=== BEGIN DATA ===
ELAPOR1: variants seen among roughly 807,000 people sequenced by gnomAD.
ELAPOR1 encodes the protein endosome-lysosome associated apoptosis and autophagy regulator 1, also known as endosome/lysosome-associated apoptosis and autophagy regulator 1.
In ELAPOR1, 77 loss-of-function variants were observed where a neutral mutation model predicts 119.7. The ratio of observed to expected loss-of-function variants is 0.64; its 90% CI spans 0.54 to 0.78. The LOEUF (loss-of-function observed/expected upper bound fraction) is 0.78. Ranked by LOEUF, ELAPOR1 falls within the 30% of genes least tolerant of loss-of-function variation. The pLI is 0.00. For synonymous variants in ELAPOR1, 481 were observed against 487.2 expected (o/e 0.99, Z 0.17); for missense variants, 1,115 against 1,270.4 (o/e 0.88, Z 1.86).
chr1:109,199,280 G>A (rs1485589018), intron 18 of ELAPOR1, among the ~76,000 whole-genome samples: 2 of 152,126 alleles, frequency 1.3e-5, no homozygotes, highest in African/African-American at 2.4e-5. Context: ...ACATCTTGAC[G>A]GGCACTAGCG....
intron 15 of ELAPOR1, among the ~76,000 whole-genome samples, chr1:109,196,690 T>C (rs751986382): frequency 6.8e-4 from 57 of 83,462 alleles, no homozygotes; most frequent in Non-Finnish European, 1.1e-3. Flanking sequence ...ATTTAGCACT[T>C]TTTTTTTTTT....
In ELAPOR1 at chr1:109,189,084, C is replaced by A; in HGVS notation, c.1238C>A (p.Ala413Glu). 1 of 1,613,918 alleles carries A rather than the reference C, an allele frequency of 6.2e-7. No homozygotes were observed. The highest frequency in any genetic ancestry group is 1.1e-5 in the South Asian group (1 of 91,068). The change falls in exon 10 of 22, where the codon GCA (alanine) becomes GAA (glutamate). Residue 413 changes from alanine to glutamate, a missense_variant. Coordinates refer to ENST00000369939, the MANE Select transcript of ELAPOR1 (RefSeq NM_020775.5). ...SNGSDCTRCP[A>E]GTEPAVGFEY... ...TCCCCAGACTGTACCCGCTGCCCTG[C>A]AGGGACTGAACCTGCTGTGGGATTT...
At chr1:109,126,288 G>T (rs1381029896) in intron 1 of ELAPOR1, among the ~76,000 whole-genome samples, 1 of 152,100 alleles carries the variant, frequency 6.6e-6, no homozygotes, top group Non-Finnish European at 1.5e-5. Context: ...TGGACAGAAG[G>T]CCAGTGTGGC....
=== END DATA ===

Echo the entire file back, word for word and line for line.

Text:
ELAPOR1: variants seen among roughly 807,000 people sequenced by gnomAD.
ELAPOR1 encodes the protein endosome-lysosome associated apoptosis and autophagy regulator 1, also known as endosome/lysosome-associated apoptosis and autophagy regulator 1.
In ELAPOR1, 77 loss-of-function variants were observed where a neutral mutation model predicts 119.7. The ratio of observed to expected loss-of-function variants is 0.64; its 90% CI spans 0.54 to 0.78. The LOEUF (loss-of-function observed/expected upper bound fraction) is 0.78. Ranked by LOEUF, ELAPOR1 falls within the 30% of genes least tolerant of loss-of-function variation. The pLI is 0.00. For synonymous variants in ELAPOR1, 481 were observed against 487.2 expected (o/e 0.99, Z 0.17); for missense variants, 1,115 against 1,270.4 (o/e 0.88, Z 1.86).
chr1:109,199,280 G>A (rs1485589018), intron 18 of ELAPOR1, among the ~76,000 whole-genome samples: 2 of 152,126 alleles, frequency 1.3e-5, no homozygotes, highest in African/African-American at 2.4e-5. Context: ...ACATCTTGAC[G>A]GGCACTAGCG....
intron 15 of ELAPOR1, among the ~76,000 whole-genome samples, chr1:109,196,690 T>C (rs751986382): frequency 6.8e-4 from 57 of 83,462 alleles, no homozygotes; most frequent in Non-Finnish European, 1.1e-3. Flanking sequence ...ATTTAGCACT[T>C]TTTTTTTTTT....
In ELAPOR1 at chr1:109,189,084, C is replaced by A; in HGVS notation, c.1238C>A (p.Ala413Glu). 1 of 1,613,918 alleles carries A rather than the reference C, an allele frequency of 6.2e-7. No homozygotes were observed. The highest frequency in any genetic ancestry group is 1.1e-5 in the South Asian group (1 of 91,068). The change falls in exon 10 of 22, where the codon GCA (alanine) becomes GAA (glutamate). Residue 413 changes from alanine to glutamate, a missense_variant. Coordinates refer to ENST00000369939, the MANE Select transcript of ELAPOR1 (RefSeq NM_020775.5). ...SNGSDCTRCP[A>E]GTEPAVGFEY... ...TCCCCAGACTGTACCCGCTGCCCTG[C>A]AGGGACTGAACCTGCTGTGGGATTT...
At chr1:109,126,288 G>T (rs1381029896) in intron 1 of ELAPOR1, among the ~76,000 whole-genome samples, 1 of 152,100 alleles carries the variant, frequency 6.6e-6, no homozygotes, top group Non-Finnish European at 1.5e-5. Context: ...TGGACAGAAG[G>T]CCAGTGTGGC....